Lipedema is Underdiagnosed

One fundamental issue is that lipedema is underdiagnosed by providers.  In my vein clinic, patients complained of inability to lose weight along with a chronic discomfort in their legs. Many had previously seen a doctor for these concerns, but hadn’t received a clear explanation. Lipedema patients present to vein clinics because the symptoms of lipedema can also appear to be the same symptoms of vein problems: tired, achy, heavy, tender, swollen legs that are worse at the end of the day. Although these symptoms bring people to my vein clinic, we may discover their underlying problem is lipedema. There is an overlap of disease states as roughly 30% to 50% of lipedema patients also have venous issues.

Lipedema is not only underdiagnosed, but frequently misdiagnosed as obesity, lymphedema, or even fibromyalgia. Many providers don’t realize or recognize what they’re seeing is actually lipedema. Most providers recommend traditional weight loss diets and exercise regimens for these patients. Sadly, lipedema is considered lifestyle and diet-resistant, as the lipedema tissue volume does not decrease appreciatively with diet or exercise. Many of these women are dieting and exercising, as their doctor has recommended, however, since lipedema tissue is diet and lifestyle resistant, their leg volume doesn’t change. The patients don’t understand, become frustrated, and typically blame themselves.  

Diagnosing Lipedema

My patients are sometimes surprised to discover that there is no lab test or x-ray that proves the existence of lipedema. It is a clinical diagnosis made on the patient’s history and physical exam. The differential diagnoses include conditions like lymphedema, fibromyalgia, and obesity.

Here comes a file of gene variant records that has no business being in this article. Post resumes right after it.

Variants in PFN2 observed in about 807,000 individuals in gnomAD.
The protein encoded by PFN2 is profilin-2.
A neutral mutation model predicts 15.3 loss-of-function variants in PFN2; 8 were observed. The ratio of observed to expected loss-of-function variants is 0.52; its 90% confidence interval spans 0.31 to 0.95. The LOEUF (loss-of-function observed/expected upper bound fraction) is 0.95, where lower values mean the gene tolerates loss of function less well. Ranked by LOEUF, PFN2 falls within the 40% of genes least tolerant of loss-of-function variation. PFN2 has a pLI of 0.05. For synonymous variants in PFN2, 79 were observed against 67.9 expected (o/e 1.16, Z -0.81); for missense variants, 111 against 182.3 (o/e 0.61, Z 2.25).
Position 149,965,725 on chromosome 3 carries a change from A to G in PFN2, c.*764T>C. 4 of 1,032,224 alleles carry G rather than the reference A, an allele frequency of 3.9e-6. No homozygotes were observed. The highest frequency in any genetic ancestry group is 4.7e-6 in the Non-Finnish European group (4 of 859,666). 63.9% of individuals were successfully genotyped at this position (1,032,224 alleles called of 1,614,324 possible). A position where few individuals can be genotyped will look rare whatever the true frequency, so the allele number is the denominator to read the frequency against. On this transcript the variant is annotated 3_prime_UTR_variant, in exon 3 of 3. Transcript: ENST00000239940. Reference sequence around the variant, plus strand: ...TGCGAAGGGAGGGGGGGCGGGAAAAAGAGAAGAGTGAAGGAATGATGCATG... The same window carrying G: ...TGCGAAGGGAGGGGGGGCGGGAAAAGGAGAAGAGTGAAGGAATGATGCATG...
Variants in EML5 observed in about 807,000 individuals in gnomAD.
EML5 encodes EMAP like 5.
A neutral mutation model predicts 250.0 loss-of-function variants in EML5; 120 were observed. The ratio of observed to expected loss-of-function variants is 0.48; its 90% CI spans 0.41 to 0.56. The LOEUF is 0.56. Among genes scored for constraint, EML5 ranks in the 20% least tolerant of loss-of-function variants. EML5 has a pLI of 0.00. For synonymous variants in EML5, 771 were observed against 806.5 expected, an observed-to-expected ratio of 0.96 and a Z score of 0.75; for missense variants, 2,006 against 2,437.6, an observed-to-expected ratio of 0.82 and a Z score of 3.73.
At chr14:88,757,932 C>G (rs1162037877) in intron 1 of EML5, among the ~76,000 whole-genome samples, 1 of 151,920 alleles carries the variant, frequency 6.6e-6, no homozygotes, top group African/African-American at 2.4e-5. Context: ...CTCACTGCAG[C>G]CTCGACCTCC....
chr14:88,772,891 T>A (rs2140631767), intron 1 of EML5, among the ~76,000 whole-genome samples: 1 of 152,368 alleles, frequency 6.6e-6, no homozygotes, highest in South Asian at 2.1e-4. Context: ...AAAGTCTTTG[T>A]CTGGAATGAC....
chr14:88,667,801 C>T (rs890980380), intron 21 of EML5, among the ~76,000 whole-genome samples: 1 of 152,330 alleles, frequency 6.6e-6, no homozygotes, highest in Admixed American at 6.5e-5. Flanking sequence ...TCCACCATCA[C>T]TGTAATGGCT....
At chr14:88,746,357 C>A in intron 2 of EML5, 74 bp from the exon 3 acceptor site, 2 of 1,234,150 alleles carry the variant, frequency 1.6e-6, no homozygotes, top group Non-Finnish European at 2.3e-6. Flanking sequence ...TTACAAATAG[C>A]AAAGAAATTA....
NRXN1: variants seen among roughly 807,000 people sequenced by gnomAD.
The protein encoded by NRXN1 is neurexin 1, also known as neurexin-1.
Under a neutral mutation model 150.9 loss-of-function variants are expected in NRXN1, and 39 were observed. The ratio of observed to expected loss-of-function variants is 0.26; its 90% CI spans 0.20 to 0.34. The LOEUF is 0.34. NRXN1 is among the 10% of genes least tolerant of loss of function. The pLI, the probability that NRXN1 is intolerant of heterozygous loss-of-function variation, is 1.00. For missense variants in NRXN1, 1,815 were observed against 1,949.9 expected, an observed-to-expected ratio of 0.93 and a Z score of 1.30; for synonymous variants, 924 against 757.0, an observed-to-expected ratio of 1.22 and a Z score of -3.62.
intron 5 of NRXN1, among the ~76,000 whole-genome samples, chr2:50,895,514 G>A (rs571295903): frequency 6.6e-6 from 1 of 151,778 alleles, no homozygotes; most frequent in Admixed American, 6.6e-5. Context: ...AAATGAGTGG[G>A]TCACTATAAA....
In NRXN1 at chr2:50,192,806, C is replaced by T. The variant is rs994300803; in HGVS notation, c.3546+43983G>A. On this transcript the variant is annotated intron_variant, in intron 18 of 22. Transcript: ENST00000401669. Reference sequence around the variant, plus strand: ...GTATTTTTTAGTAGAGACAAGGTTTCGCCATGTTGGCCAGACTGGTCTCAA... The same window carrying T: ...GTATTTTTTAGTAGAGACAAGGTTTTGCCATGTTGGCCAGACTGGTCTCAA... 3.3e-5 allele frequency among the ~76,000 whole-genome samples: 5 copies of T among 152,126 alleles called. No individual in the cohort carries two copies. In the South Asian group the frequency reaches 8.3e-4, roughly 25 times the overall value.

With lipedema, there are classic signs and symptoms. In addition to the tired, achy, heavy leg symptoms that worsen as the day progresses, these women give a history of easy or spontaneous bruising and tenderness or pain with minimal pressure. There are other classic physical findings, including minimal pitting despite the presence of edema, and the ankle cut off sign, where swelling seems to end abruptly at the ankle and can even create a crease, like there’s a rubber band around the ankle. In lipedema, the foot is usually spared, meaning the foot and toes are not swollen like typically seen in classic lymphedema, and there are usually malleolar fat pads which are distinct fat pads both in front of the ankle bone and usually filling the space around the Achilles tendon.

 

Lipedema also has several classic fat pads around the knee. With progression, the fat pads can become overhanging. 

1- just above the knee cap,

2- inside just below the knee,

3- inside at the base of the thigh,

4- behind the knee in the knee crease.

Another important feature of Lipedema is a mismatch of the upper body to the lower body giving the typical pear-shaped silhouette.

This is because the ribs and midriff area are initially spared from deposits of lipedema fat, making the upper body not match in size to the lower body, creating the overall pear-shaped appearance.

It’s also important to examine the skin carefully for typical lipedema features. The skin may feel thin, spongy and have stretch marks.

Image: Mismatch of upper body to lower body. Rib cage area is spared, making the upper body not match in size to the lower body creating the overall pear-shaped appearance.

Larger fat pads with adjacent subtle skin creases (called walnut shell or mattress skin) and/or peau d’orange skin changes (skin looks like an orange peel) may also be present. The toes are frequently cold to touch and livedo reticularis, a faint pink lacy appearance on the skin is common. 

Types and Stages of Lipedema

Five types of lipedema:

Type I: Buttocks
Type II: Buttocks, hips, thighs, may include the knees (most common type)
Type III: Buttocks, hips, thighs, calves and ankles, but the feet are spared
Type IV: Upper arms, which can accompany any leg type
Type V: Calves and knees to ankles (rarest type)